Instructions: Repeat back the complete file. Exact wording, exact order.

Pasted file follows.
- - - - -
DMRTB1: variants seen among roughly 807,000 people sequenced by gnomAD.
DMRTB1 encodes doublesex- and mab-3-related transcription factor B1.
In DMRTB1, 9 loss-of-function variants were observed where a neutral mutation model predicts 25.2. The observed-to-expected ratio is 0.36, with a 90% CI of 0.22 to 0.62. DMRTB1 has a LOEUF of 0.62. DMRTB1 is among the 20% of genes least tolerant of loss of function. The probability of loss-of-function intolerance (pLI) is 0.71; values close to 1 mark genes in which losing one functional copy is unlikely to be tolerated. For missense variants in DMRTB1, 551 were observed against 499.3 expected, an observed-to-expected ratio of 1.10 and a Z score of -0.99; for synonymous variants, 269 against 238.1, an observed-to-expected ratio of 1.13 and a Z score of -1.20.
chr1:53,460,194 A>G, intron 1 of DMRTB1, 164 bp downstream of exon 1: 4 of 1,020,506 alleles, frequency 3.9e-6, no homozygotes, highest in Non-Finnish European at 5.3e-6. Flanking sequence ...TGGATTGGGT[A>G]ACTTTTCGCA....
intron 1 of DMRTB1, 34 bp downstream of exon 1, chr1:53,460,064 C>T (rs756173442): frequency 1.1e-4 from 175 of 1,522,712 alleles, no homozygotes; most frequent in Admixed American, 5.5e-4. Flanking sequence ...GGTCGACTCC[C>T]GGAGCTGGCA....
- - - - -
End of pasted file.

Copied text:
DMRTB1: variants seen among roughly 807,000 people sequenced by gnomAD.
DMRTB1 encodes doublesex- and mab-3-related transcription factor B1.
In DMRTB1, 9 loss-of-function variants were observed where a neutral mutation model predicts 25.2. The observed-to-expected ratio is 0.36, with a 90% CI of 0.22 to 0.62. DMRTB1 has a LOEUF of 0.62. DMRTB1 is among the 20% of genes least tolerant of loss of function. The probability of loss-of-function intolerance (pLI) is 0.71; values close to 1 mark genes in which losing one functional copy is unlikely to be tolerated. For missense variants in DMRTB1, 551 were observed against 499.3 expected, an observed-to-expected ratio of 1.10 and a Z score of -0.99; for synonymous variants, 269 against 238.1, an observed-to-expected ratio of 1.13 and a Z score of -1.20.
chr1:53,460,194 A>G, intron 1 of DMRTB1, 164 bp downstream of exon 1: 4 of 1,020,506 alleles, frequency 3.9e-6, no homozygotes, highest in Non-Finnish European at 5.3e-6. Flanking sequence ...TGGATTGGGT[A>G]ACTTTTCGCA....
intron 1 of DMRTB1, 34 bp downstream of exon 1, chr1:53,460,064 C>T (rs756173442): frequency 1.1e-4 from 175 of 1,522,712 alleles, no homozygotes; most frequent in Admixed American, 5.5e-4. Flanking sequence ...GGTCGACTCC[C>T]GGAGCTGGCA....